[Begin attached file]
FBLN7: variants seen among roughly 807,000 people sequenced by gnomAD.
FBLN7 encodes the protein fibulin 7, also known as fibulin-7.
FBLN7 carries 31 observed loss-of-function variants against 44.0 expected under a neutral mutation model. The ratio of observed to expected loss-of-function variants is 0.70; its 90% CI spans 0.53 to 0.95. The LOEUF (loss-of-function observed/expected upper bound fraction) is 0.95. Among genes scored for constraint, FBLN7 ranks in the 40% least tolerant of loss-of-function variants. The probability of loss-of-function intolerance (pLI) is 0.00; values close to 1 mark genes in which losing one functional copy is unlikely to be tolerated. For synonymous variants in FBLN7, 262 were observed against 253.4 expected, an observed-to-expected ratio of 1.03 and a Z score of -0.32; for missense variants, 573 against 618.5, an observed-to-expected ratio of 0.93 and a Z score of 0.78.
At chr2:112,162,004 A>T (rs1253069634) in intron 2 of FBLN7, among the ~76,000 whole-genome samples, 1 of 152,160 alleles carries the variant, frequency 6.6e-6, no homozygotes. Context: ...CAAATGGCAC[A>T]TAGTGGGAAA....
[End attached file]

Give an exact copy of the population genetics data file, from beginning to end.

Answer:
FBLN7: variants seen among roughly 807,000 people sequenced by gnomAD.
FBLN7 encodes the protein fibulin 7, also known as fibulin-7.
FBLN7 carries 31 observed loss-of-function variants against 44.0 expected under a neutral mutation model. The ratio of observed to expected loss-of-function variants is 0.70; its 90% CI spans 0.53 to 0.95. The LOEUF (loss-of-function observed/expected upper bound fraction) is 0.95. Among genes scored for constraint, FBLN7 ranks in the 40% least tolerant of loss-of-function variants. The probability of loss-of-function intolerance (pLI) is 0.00; values close to 1 mark genes in which losing one functional copy is unlikely to be tolerated. For synonymous variants in FBLN7, 262 were observed against 253.4 expected, an observed-to-expected ratio of 1.03 and a Z score of -0.32; for missense variants, 573 against 618.5, an observed-to-expected ratio of 0.93 and a Z score of 0.78.
At chr2:112,162,004 A>T (rs1253069634) in intron 2 of FBLN7, among the ~76,000 whole-genome samples, 1 of 152,160 alleles carries the variant, frequency 6.6e-6, no homozygotes. Context: ...CAAATGGCAC[A>T]TAGTGGGAAA....